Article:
Megalifters prove you’re never too fat to fly.
- By Kara Platoni
- Air & Space magazine, September 2008
(Page 2 of 4)
Aero Spacelines soon had its contract. The Pregnant Guppy promptly reduced NASA’s cross-country transit time from 18 days to 18 hours. “It enabled them to keep the schedule that they needed so they didn’t have to scrub any launches,” says Savage.
With proof that airplanes could safely be super-sized, NASA ordered an even bigger one. Dubbed the Super Guppy, it had a 141-foot-long body and 25-foot-wide fuselage. A hinged nose that could swing open 110 degrees for loading replaced the removable tail. In the meantime, Airbus, which manufactures aircraft components in France, Germany, Spain, and the United Kingdom, was also warming to the Guppy concept. In the early 1970s, Airbus began using four Super Guppy Turbines—a generation with Allison 501-D22C turboprop engines—to shuttle subassemblies internationally, saving time and eliminating bureaucratic hassles. (However, it also led to the taunt that every Airbus took its first flight on a Boeing.) “By using aircraft, you add flexibility to your industrial process,” says Bruno Gutierres, head of new programs and development for Airbus’ logistics and supply chain. “You are not dependent on weather conditions, for example, like you are with surface transports.”
Despite producing two more airplanes in the 1970s—the shorter, fatter Mini Guppy and Mini Guppy Turbine—Aero Spacelines foundered, particularly after the Mini Guppy Turbine crashed in 1970, killing its crew. NASA retired its original Super Guppy in 1991, and the Pregnant Guppy was cut down for scrap; there were no replacement parts for these unique aircraft, and Aero Spacelines had long gone out of business. Besides, Airbus was manufacturing ever-bigger airplanes, and needed even bigger cargo haulers.
By 1997, Airbus parked three of its Super Guppies, and traded the youngest of its litter to NASA—the one the agency still uses today— in return for cargo room for the European Space Agency on the space shuttle. Airbus replaced the Guppies with a whale-like airplane of its own invention: the Beluga. A modification of the Airbus A300-600, the Beluga can carry more and fly faster and higher than the Guppy. Cargo is loaded onto the Beluga via a hatch above the nose that swings up; to make this possible, the cockpit was dropped 51 inches, giving the Beluga its distinctive pointy nose.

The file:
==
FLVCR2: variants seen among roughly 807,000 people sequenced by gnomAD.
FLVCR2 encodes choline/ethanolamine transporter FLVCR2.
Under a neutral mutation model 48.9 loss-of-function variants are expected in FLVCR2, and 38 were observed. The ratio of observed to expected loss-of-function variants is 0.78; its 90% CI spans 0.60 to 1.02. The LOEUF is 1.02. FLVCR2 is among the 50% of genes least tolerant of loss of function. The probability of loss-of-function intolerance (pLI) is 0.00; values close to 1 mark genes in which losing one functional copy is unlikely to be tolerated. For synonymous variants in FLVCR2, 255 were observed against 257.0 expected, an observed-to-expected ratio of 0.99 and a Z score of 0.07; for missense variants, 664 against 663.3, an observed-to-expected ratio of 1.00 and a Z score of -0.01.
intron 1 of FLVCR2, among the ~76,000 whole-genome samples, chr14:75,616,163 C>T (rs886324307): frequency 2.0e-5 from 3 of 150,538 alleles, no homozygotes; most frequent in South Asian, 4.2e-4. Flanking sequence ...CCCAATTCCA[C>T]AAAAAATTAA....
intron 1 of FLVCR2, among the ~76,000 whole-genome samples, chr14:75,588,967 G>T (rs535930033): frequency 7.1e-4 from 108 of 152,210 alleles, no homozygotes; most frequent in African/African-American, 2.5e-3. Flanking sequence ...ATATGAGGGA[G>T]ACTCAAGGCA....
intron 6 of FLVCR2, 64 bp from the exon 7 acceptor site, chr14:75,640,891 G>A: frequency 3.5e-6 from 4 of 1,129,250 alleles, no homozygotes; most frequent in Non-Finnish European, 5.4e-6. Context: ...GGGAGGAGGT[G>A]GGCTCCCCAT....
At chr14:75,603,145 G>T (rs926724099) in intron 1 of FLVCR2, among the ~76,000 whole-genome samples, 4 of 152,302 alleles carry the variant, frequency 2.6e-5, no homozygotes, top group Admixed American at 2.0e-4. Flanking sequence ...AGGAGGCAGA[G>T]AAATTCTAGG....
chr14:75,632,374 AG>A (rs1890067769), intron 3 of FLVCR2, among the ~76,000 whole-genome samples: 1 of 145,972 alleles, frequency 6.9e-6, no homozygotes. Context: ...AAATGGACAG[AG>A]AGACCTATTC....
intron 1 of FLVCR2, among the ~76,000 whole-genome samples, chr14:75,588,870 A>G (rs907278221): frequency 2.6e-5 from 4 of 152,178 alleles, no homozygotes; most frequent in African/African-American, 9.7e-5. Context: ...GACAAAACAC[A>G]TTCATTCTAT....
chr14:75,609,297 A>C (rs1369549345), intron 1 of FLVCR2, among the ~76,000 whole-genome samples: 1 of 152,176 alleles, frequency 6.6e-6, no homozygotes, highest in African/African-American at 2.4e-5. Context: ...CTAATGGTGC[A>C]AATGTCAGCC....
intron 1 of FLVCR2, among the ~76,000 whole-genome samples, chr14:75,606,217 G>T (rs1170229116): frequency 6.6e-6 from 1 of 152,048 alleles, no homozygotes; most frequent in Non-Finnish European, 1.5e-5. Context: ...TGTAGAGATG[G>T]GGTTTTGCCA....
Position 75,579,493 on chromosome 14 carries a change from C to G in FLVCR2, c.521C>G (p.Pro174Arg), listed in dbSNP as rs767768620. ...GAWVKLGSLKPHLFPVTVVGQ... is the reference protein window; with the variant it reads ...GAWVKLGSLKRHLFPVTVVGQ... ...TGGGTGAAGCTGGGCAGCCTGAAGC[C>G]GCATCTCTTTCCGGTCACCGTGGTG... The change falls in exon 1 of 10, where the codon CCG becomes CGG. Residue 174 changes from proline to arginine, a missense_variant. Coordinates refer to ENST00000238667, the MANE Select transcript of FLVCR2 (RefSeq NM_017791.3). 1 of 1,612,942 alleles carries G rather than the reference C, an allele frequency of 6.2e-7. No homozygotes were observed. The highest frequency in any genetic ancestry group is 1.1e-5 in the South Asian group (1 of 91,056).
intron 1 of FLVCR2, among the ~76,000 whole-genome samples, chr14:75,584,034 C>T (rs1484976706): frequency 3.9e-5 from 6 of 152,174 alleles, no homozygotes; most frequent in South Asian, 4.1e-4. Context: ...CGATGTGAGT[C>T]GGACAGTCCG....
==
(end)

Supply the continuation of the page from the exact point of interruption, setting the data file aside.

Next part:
True workhorses, Airbus’ five Belugas fly daily. “This aircraft is fully integrated into our industrial process and it’s very reliable for us,” says Gutierres. “This is something we are using day to day, something very important.”
Boeing hopes to accomplish something similar with its Dreamlifter, the newest entry into the realm of jumbo airplanes. It will shuttle parts of the company’s new 787 Dreamliner between Italy, Japan, and three U.S. cities, compressing shipping time for components previously routed via rail or sea from 30 days to one. Based on the Boeing 747-400, the Dreamlifter somewhat resembles an overinflated toothpaste tube, with the cockpit where the nozzle would be; when it debuted in 2006 still coated in green primer, bystanders likened it to a flying pickle. (Boeing Commercial Airplanes president Scott Carson reportedly joked to Joe Sutter, chief project engineer for the original 747, “Sorry for what we did to your plane.”) The 787 components are loaded through a swing tail with the world’s largest cargo loader.
Perhaps because of the difficulties Boeing has had with its related Dreamliner program, the company declined to let staff associated with the Dreamlifter give interviews for this article. (The 787’s delivery has been delayed by supply chain problems, according to news reports, and last year the program’s general manager was replaced.) However, the airplane’s specs alone tell an impressive story: The Dreamlifter is the first monster hauler designed to cross oceanic distances—it can fly 7,000 miles without refueling. Although NASA’s Super Guppy Turbine still claims the title of fattest airplane, the Dreamlifter is the most voluminous; according to the company’s magazine, Boeing Frontiers, it’s big enough to engulf a three-level, 10-lane bowling alley.
But, well—how do these enormous airplanes fly?